Our aim in this study was to assess the relationship between magnesium intake and risk of coronary heart disease (CHD) among men.
A total of 39,633 men in the Health Professionals Follow-up Study who returned a dietary questionnaire in 1986 were followed up for 12 years. Intakes of magnesium, zinc and potassium and other nutrients were assessed in 1986, 1990 and 1994. Total CHD incidence (nonfatal myocardial infarction (MI) and fatal CHD) was ascertained by biennial questionnaire and mortality surveillance confirmed by medical record review. Standard CHD risk factors were recorded biennially.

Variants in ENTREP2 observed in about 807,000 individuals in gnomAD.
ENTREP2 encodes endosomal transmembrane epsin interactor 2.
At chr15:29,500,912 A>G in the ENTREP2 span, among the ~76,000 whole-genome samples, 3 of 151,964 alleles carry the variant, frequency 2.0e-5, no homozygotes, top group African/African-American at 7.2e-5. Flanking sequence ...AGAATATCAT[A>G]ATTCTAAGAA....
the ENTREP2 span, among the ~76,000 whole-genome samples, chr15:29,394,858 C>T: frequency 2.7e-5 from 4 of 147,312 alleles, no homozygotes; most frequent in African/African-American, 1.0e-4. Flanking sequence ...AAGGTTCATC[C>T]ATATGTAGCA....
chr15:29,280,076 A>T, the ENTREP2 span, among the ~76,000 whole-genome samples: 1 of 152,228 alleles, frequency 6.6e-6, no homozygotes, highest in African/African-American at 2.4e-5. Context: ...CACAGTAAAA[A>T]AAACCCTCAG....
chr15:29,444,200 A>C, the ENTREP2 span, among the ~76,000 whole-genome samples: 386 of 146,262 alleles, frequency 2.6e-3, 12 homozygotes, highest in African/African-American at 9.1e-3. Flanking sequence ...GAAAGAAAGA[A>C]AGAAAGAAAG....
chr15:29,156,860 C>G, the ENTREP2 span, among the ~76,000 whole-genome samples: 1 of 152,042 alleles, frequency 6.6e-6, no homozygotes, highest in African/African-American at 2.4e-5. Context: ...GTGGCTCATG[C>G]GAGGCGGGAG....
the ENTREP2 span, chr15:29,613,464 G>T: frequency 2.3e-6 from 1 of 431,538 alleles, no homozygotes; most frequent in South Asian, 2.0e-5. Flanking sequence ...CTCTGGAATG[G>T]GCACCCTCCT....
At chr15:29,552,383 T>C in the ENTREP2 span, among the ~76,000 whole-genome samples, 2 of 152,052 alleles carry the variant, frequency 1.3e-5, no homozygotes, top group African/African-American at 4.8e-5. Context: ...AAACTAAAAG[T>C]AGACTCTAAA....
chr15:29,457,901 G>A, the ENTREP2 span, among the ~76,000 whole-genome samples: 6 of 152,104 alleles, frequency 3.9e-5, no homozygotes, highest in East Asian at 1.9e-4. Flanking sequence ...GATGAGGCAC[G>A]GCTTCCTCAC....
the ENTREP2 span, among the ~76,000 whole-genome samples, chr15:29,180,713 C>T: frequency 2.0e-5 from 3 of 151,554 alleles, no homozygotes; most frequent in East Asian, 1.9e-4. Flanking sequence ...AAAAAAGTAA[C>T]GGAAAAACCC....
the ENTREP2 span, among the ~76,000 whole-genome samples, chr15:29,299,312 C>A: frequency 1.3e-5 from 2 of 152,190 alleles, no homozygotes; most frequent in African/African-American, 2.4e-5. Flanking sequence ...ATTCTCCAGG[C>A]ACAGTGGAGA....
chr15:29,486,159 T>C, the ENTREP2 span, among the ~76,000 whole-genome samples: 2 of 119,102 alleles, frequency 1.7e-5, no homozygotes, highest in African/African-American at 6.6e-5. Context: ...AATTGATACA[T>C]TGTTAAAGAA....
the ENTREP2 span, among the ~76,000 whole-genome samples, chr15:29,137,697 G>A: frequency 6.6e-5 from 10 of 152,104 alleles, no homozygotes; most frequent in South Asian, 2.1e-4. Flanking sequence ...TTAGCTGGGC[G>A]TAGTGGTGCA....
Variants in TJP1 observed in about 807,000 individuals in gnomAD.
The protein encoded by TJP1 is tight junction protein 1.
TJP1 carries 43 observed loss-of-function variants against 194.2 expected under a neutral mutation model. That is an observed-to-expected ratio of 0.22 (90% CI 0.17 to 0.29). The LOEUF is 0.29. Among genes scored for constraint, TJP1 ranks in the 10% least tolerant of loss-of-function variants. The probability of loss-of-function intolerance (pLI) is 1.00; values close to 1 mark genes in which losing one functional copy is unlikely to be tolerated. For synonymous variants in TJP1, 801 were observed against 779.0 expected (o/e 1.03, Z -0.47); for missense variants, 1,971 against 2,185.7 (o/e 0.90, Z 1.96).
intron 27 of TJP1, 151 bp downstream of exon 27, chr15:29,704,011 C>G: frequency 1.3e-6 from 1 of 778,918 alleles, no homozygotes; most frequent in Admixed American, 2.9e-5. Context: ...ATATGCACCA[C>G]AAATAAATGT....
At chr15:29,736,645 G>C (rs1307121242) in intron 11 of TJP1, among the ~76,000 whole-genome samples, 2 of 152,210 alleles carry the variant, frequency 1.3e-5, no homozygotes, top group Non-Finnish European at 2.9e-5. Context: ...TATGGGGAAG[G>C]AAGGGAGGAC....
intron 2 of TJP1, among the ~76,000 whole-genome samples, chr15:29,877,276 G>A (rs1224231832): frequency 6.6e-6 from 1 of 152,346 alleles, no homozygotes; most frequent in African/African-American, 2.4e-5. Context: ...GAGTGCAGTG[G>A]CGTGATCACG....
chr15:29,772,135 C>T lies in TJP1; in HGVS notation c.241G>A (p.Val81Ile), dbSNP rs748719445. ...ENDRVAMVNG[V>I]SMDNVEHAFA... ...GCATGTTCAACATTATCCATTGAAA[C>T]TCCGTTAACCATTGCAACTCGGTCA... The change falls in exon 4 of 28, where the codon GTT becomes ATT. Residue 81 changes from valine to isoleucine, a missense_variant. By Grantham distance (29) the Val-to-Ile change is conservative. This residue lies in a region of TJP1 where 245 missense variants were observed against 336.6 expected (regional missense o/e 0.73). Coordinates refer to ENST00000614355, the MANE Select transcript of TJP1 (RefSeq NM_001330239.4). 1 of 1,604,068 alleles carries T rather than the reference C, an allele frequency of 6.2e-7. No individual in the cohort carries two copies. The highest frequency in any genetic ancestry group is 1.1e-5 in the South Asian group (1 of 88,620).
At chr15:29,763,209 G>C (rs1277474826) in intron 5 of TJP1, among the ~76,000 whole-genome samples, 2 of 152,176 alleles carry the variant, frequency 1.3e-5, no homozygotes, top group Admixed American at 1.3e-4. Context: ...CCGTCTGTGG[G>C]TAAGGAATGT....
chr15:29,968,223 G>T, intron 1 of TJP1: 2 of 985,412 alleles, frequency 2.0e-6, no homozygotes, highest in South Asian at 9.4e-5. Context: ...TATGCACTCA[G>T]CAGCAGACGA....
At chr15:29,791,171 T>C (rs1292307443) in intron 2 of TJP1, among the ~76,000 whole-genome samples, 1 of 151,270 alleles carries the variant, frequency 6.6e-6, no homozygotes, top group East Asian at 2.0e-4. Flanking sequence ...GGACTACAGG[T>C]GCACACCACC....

During 12 years of follow-up (414,285 person-years), we documented 1,449 cases of total CHD (1,021 non-fatal MI cases, and 428 fatal CHD). The age-adjusted relative risk (RR) of developing CHD in the highest quintile (median intake = 457 mg/day) compared with the lowest quintile (median intake = 269 mg/day) was 0.73 (95% CI 0.62-0.87, p for trend <0.0001). After controlling for standard CHD risk factors and dietary factors, the RR for developing CHD among men in the highest total magnesium intake quintile compared with those in the lowest was 0.82 (95% CI 0.65-1.05, p for trend = 0.08). For supplemental magnesium intake, the RR comparing the highest quintile to non-supplement users was 0.77 (95% CI 0.56-1.06, p for trend = 0.14).
These results suggest that intake of magnesium may have a modest inverse association with risk of CHD among men.